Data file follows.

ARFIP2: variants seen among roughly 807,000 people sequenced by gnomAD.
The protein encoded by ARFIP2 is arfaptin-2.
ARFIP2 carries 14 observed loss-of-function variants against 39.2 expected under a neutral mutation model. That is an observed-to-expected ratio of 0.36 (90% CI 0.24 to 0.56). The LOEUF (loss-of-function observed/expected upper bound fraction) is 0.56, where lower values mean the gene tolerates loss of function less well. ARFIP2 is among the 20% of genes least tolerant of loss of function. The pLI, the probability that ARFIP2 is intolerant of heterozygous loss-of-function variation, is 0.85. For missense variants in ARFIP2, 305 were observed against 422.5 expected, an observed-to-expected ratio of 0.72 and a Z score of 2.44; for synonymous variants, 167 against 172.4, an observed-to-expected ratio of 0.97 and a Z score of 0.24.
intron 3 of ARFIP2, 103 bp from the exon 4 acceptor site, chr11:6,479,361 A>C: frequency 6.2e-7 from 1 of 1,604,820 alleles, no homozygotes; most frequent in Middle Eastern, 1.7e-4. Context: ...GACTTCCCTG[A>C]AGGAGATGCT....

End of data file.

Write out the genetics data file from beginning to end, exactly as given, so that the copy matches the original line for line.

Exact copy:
ARFIP2: variants seen among roughly 807,000 people sequenced by gnomAD.
The protein encoded by ARFIP2 is arfaptin-2.
ARFIP2 carries 14 observed loss-of-function variants against 39.2 expected under a neutral mutation model. That is an observed-to-expected ratio of 0.36 (90% CI 0.24 to 0.56). The LOEUF (loss-of-function observed/expected upper bound fraction) is 0.56, where lower values mean the gene tolerates loss of function less well. ARFIP2 is among the 20% of genes least tolerant of loss of function. The pLI, the probability that ARFIP2 is intolerant of heterozygous loss-of-function variation, is 0.85. For missense variants in ARFIP2, 305 were observed against 422.5 expected, an observed-to-expected ratio of 0.72 and a Z score of 2.44; for synonymous variants, 167 against 172.4, an observed-to-expected ratio of 0.97 and a Z score of 0.24.
intron 3 of ARFIP2, 103 bp from the exon 4 acceptor site, chr11:6,479,361 A>C: frequency 6.2e-7 from 1 of 1,604,820 alleles, no homozygotes; most frequent in Middle Eastern, 1.7e-4. Context: ...GACTTCCCTG[A>C]AGGAGATGCT....